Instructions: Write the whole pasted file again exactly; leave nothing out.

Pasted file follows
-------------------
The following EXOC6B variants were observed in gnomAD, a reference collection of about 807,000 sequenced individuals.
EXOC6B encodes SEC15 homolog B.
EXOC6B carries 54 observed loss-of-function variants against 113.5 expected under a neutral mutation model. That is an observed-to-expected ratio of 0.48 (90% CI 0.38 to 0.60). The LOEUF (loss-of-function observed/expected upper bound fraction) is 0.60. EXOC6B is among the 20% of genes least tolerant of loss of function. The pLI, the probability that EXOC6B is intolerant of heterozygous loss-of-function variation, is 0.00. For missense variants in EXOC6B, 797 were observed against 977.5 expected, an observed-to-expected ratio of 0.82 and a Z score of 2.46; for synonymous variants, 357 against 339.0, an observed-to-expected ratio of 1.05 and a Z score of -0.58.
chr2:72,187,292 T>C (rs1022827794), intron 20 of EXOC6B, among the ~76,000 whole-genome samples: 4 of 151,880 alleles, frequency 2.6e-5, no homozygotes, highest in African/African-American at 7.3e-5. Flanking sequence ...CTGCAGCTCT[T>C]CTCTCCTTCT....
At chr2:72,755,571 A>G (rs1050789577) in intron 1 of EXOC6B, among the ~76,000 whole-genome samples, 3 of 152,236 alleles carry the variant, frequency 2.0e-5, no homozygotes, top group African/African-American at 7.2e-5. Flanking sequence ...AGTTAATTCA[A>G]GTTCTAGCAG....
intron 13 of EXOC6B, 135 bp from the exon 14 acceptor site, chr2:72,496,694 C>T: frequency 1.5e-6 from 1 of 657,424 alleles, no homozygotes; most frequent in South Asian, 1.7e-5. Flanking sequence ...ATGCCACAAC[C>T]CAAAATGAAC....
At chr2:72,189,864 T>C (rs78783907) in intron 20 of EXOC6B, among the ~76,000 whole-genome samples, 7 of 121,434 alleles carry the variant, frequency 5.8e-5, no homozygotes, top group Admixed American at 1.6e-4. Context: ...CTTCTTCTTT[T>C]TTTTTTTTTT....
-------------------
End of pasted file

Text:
The following EXOC6B variants were observed in gnomAD, a reference collection of about 807,000 sequenced individuals.
EXOC6B encodes SEC15 homolog B.
EXOC6B carries 54 observed loss-of-function variants against 113.5 expected under a neutral mutation model. That is an observed-to-expected ratio of 0.48 (90% CI 0.38 to 0.60). The LOEUF (loss-of-function observed/expected upper bound fraction) is 0.60. EXOC6B is among the 20% of genes least tolerant of loss of function. The pLI, the probability that EXOC6B is intolerant of heterozygous loss-of-function variation, is 0.00. For missense variants in EXOC6B, 797 were observed against 977.5 expected, an observed-to-expected ratio of 0.82 and a Z score of 2.46; for synonymous variants, 357 against 339.0, an observed-to-expected ratio of 1.05 and a Z score of -0.58.
chr2:72,187,292 T>C (rs1022827794), intron 20 of EXOC6B, among the ~76,000 whole-genome samples: 4 of 151,880 alleles, frequency 2.6e-5, no homozygotes, highest in African/African-American at 7.3e-5. Flanking sequence ...CTGCAGCTCT[T>C]CTCTCCTTCT....
At chr2:72,755,571 A>G (rs1050789577) in intron 1 of EXOC6B, among the ~76,000 whole-genome samples, 3 of 152,236 alleles carry the variant, frequency 2.0e-5, no homozygotes, top group African/African-American at 7.2e-5. Flanking sequence ...AGTTAATTCA[A>G]GTTCTAGCAG....
intron 13 of EXOC6B, 135 bp from the exon 14 acceptor site, chr2:72,496,694 C>T: frequency 1.5e-6 from 1 of 657,424 alleles, no homozygotes; most frequent in South Asian, 1.7e-5. Flanking sequence ...ATGCCACAAC[C>T]CAAAATGAAC....
At chr2:72,189,864 T>C (rs78783907) in intron 20 of EXOC6B, among the ~76,000 whole-genome samples, 7 of 121,434 alleles carry the variant, frequency 5.8e-5, no homozygotes, top group Admixed American at 1.6e-4. Context: ...CTTCTTCTTT[T>C]TTTTTTTTTT....